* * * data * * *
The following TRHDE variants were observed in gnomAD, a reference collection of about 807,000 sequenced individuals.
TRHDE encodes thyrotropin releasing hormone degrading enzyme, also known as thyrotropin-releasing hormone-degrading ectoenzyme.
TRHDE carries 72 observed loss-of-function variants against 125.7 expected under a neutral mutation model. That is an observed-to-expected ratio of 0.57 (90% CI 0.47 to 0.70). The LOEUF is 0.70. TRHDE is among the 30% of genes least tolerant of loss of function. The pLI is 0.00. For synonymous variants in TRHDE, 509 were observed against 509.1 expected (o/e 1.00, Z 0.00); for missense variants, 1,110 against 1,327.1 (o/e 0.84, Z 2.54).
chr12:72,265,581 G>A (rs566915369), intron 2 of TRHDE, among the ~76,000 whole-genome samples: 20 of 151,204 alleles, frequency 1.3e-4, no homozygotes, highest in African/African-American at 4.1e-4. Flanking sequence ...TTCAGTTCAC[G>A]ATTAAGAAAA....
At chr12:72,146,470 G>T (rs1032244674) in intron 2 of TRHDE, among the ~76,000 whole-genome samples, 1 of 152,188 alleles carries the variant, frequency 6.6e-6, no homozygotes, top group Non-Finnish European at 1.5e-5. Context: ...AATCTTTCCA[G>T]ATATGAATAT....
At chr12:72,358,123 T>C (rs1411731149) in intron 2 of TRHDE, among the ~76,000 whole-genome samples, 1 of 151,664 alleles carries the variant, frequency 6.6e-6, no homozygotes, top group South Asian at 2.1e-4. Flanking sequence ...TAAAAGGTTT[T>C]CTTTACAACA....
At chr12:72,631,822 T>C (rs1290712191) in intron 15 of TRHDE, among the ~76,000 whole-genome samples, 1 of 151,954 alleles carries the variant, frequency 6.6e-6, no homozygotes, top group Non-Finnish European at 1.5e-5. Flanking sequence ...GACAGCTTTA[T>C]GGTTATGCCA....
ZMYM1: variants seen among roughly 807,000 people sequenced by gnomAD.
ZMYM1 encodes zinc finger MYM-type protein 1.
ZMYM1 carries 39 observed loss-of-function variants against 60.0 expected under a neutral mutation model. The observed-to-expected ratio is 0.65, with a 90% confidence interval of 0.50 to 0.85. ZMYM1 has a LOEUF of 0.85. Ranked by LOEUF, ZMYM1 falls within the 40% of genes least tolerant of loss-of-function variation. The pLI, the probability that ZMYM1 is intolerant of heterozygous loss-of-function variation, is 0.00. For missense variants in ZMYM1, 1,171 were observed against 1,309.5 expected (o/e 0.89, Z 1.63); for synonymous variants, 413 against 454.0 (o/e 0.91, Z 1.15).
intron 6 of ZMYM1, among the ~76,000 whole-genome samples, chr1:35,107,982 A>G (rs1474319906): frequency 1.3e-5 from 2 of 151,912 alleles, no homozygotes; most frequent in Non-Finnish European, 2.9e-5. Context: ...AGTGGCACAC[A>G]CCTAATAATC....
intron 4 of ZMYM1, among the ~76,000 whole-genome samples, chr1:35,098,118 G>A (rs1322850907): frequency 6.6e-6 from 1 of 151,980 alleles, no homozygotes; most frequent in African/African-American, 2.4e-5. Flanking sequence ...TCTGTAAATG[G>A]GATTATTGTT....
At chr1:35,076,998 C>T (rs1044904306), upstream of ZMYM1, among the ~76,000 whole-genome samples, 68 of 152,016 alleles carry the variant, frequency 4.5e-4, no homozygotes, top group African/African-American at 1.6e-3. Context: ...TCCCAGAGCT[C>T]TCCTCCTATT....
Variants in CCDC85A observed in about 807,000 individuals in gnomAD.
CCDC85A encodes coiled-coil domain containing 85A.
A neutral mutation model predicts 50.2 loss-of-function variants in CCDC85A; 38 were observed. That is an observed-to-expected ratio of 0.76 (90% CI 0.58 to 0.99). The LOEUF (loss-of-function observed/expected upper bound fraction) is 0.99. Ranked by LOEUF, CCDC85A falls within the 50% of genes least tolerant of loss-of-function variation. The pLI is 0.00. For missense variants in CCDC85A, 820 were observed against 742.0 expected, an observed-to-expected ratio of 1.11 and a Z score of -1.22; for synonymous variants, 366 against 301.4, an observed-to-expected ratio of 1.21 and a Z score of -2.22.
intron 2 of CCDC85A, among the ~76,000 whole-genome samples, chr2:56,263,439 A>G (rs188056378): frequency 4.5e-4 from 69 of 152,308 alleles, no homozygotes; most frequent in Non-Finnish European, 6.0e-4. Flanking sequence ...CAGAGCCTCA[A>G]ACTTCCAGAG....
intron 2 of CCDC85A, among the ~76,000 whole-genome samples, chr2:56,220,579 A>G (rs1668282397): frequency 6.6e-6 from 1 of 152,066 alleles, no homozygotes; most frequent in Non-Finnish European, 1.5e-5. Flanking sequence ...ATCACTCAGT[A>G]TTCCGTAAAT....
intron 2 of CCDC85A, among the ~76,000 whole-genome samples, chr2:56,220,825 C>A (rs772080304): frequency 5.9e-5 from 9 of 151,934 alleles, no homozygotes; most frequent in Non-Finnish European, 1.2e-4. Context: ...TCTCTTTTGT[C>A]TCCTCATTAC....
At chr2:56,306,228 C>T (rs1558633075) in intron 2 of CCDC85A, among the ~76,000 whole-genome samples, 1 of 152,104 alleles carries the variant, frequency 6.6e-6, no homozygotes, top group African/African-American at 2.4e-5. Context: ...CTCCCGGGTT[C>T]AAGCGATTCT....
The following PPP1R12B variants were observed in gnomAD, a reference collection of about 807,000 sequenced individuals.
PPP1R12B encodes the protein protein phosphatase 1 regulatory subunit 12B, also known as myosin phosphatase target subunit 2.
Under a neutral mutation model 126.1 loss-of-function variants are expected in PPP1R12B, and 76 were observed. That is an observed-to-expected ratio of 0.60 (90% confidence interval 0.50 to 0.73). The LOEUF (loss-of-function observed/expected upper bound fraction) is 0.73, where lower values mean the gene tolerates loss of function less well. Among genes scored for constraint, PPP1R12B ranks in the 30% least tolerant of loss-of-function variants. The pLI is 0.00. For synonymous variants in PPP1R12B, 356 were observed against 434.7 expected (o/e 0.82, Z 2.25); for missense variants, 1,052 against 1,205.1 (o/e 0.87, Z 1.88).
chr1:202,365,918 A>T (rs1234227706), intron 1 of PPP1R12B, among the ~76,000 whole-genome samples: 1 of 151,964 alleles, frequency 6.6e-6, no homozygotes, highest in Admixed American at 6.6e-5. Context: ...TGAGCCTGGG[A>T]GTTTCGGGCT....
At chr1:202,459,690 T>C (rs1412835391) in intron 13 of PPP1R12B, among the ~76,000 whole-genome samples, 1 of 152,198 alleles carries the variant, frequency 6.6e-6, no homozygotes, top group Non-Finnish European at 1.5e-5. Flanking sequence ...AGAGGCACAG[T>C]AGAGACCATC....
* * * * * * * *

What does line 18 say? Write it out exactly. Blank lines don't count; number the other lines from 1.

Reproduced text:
intron 2 of CCDC85A, among the ~76,000 whole-genome samples, chr2:56,220,579 A>G (rs1668282397): frequency 6.6e-6 from 1 of 152,066 alleles, no homozygotes; most frequent in Non-Finnish European, 1.5e-5. Flanking sequence ...ATCACTCAGT[A>G]TTCCGTAAAT....